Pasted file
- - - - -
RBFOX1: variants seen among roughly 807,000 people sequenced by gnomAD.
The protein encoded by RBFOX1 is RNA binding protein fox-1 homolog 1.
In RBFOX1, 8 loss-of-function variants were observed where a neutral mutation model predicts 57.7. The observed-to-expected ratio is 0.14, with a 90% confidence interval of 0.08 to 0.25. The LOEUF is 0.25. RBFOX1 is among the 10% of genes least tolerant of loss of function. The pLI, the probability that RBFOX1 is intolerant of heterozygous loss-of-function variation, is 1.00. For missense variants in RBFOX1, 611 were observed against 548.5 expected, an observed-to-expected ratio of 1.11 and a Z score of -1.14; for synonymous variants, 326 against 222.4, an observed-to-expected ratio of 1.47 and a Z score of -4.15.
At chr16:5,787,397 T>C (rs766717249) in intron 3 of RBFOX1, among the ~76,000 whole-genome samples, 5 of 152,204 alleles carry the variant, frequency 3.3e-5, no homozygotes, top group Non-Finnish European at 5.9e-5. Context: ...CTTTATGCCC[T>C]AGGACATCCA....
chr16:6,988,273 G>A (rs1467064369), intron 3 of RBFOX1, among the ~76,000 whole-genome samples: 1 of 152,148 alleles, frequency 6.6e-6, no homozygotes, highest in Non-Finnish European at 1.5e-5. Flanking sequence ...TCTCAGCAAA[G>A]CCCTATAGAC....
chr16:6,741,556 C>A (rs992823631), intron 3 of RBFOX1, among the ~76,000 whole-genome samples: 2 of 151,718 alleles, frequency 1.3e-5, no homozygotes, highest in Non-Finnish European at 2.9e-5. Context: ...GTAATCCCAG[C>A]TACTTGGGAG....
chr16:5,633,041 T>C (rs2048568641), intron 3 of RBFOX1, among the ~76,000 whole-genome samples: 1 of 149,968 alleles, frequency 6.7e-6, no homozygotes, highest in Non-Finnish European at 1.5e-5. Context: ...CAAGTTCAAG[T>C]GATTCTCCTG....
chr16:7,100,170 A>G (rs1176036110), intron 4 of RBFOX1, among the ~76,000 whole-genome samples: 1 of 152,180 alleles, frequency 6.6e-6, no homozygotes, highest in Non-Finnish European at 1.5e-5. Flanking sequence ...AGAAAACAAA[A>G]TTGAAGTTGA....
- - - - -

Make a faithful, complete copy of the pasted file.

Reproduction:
RBFOX1: variants seen among roughly 807,000 people sequenced by gnomAD.
The protein encoded by RBFOX1 is RNA binding protein fox-1 homolog 1.
In RBFOX1, 8 loss-of-function variants were observed where a neutral mutation model predicts 57.7. The observed-to-expected ratio is 0.14, with a 90% confidence interval of 0.08 to 0.25. The LOEUF is 0.25. RBFOX1 is among the 10% of genes least tolerant of loss of function. The pLI, the probability that RBFOX1 is intolerant of heterozygous loss-of-function variation, is 1.00. For missense variants in RBFOX1, 611 were observed against 548.5 expected, an observed-to-expected ratio of 1.11 and a Z score of -1.14; for synonymous variants, 326 against 222.4, an observed-to-expected ratio of 1.47 and a Z score of -4.15.
At chr16:5,787,397 T>C (rs766717249) in intron 3 of RBFOX1, among the ~76,000 whole-genome samples, 5 of 152,204 alleles carry the variant, frequency 3.3e-5, no homozygotes, top group Non-Finnish European at 5.9e-5. Context: ...CTTTATGCCC[T>C]AGGACATCCA....
chr16:6,988,273 G>A (rs1467064369), intron 3 of RBFOX1, among the ~76,000 whole-genome samples: 1 of 152,148 alleles, frequency 6.6e-6, no homozygotes, highest in Non-Finnish European at 1.5e-5. Flanking sequence ...TCTCAGCAAA[G>A]CCCTATAGAC....
chr16:6,741,556 C>A (rs992823631), intron 3 of RBFOX1, among the ~76,000 whole-genome samples: 2 of 151,718 alleles, frequency 1.3e-5, no homozygotes, highest in Non-Finnish European at 2.9e-5. Context: ...GTAATCCCAG[C>A]TACTTGGGAG....
chr16:5,633,041 T>C (rs2048568641), intron 3 of RBFOX1, among the ~76,000 whole-genome samples: 1 of 149,968 alleles, frequency 6.7e-6, no homozygotes, highest in Non-Finnish European at 1.5e-5. Context: ...CAAGTTCAAG[T>C]GATTCTCCTG....
chr16:7,100,170 A>G (rs1176036110), intron 4 of RBFOX1, among the ~76,000 whole-genome samples: 1 of 152,180 alleles, frequency 6.6e-6, no homozygotes, highest in Non-Finnish European at 1.5e-5. Flanking sequence ...AGAAAACAAA[A>G]TTGAAGTTGA....